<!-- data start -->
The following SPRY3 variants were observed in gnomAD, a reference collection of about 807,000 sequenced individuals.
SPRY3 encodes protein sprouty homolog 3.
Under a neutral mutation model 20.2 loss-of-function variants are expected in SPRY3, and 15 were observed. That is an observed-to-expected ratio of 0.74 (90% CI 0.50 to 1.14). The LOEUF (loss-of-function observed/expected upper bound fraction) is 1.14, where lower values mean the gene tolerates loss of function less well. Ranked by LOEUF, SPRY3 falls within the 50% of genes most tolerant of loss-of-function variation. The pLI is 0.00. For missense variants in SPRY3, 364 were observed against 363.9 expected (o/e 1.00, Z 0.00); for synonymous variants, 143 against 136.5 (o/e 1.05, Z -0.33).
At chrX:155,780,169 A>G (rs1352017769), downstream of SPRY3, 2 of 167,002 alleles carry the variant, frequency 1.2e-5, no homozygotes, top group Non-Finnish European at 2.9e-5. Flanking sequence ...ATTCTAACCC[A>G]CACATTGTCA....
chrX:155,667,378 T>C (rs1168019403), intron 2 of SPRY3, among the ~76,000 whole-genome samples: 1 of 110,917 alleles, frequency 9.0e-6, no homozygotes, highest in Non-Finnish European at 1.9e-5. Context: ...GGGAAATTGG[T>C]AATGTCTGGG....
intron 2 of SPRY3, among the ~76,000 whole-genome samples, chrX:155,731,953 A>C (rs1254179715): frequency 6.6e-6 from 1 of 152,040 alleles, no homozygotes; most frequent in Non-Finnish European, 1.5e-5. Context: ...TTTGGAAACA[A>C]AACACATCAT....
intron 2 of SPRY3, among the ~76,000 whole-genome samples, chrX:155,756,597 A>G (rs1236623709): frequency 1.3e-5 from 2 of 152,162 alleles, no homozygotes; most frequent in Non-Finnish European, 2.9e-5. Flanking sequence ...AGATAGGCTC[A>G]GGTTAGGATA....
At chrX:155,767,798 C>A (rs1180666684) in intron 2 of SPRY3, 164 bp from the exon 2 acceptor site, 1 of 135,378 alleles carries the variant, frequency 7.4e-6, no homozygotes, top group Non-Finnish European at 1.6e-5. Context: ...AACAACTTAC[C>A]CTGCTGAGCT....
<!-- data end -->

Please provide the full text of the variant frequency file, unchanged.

The following SPRY3 variants were observed in gnomAD, a reference collection of about 807,000 sequenced individuals.
SPRY3 encodes protein sprouty homolog 3.
Under a neutral mutation model 20.2 loss-of-function variants are expected in SPRY3, and 15 were observed. That is an observed-to-expected ratio of 0.74 (90% CI 0.50 to 1.14). The LOEUF (loss-of-function observed/expected upper bound fraction) is 1.14, where lower values mean the gene tolerates loss of function less well. Ranked by LOEUF, SPRY3 falls within the 50% of genes most tolerant of loss-of-function variation. The pLI is 0.00. For missense variants in SPRY3, 364 were observed against 363.9 expected (o/e 1.00, Z 0.00); for synonymous variants, 143 against 136.5 (o/e 1.05, Z -0.33).
At chrX:155,780,169 A>G (rs1352017769), downstream of SPRY3, 2 of 167,002 alleles carry the variant, frequency 1.2e-5, no homozygotes, top group Non-Finnish European at 2.9e-5. Flanking sequence ...ATTCTAACCC[A>G]CACATTGTCA....
chrX:155,667,378 T>C (rs1168019403), intron 2 of SPRY3, among the ~76,000 whole-genome samples: 1 of 110,917 alleles, frequency 9.0e-6, no homozygotes, highest in Non-Finnish European at 1.9e-5. Context: ...GGGAAATTGG[T>C]AATGTCTGGG....
intron 2 of SPRY3, among the ~76,000 whole-genome samples, chrX:155,731,953 A>C (rs1254179715): frequency 6.6e-6 from 1 of 152,040 alleles, no homozygotes; most frequent in Non-Finnish European, 1.5e-5. Context: ...TTTGGAAACA[A>C]AACACATCAT....
intron 2 of SPRY3, among the ~76,000 whole-genome samples, chrX:155,756,597 A>G (rs1236623709): frequency 1.3e-5 from 2 of 152,162 alleles, no homozygotes; most frequent in Non-Finnish European, 2.9e-5. Flanking sequence ...AGATAGGCTC[A>G]GGTTAGGATA....
At chrX:155,767,798 C>A (rs1180666684) in intron 2 of SPRY3, 164 bp from the exon 2 acceptor site, 1 of 135,378 alleles carries the variant, frequency 7.4e-6, no homozygotes, top group Non-Finnish European at 1.6e-5. Context: ...AACAACTTAC[C>A]CTGCTGAGCT....